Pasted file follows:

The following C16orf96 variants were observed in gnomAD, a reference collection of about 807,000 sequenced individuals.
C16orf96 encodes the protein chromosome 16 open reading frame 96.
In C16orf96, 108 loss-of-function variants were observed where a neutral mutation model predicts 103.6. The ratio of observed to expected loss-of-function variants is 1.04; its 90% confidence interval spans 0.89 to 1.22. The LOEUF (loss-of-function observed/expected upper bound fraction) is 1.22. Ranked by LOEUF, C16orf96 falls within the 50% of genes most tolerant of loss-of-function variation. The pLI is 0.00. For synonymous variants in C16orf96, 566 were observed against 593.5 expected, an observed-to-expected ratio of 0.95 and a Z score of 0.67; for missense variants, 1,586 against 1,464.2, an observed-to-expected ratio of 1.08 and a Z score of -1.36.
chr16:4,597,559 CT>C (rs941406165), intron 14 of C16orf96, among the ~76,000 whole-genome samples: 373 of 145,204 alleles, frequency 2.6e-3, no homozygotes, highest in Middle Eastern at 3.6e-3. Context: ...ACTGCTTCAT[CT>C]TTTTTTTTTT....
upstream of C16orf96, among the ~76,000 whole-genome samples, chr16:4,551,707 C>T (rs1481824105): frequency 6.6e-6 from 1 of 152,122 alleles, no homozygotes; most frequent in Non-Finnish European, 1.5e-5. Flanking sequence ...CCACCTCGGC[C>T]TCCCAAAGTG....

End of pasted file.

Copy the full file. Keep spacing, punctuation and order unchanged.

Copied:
The following C16orf96 variants were observed in gnomAD, a reference collection of about 807,000 sequenced individuals.
C16orf96 encodes the protein chromosome 16 open reading frame 96.
In C16orf96, 108 loss-of-function variants were observed where a neutral mutation model predicts 103.6. The ratio of observed to expected loss-of-function variants is 1.04; its 90% confidence interval spans 0.89 to 1.22. The LOEUF (loss-of-function observed/expected upper bound fraction) is 1.22. Ranked by LOEUF, C16orf96 falls within the 50% of genes most tolerant of loss-of-function variation. The pLI is 0.00. For synonymous variants in C16orf96, 566 were observed against 593.5 expected, an observed-to-expected ratio of 0.95 and a Z score of 0.67; for missense variants, 1,586 against 1,464.2, an observed-to-expected ratio of 1.08 and a Z score of -1.36.
chr16:4,597,559 CT>C (rs941406165), intron 14 of C16orf96, among the ~76,000 whole-genome samples: 373 of 145,204 alleles, frequency 2.6e-3, no homozygotes, highest in Middle Eastern at 3.6e-3. Context: ...ACTGCTTCAT[CT>C]TTTTTTTTTT....
upstream of C16orf96, among the ~76,000 whole-genome samples, chr16:4,551,707 C>T (rs1481824105): frequency 6.6e-6 from 1 of 152,122 alleles, no homozygotes; most frequent in Non-Finnish European, 1.5e-5. Flanking sequence ...CCACCTCGGC[C>T]TCCCAAAGTG....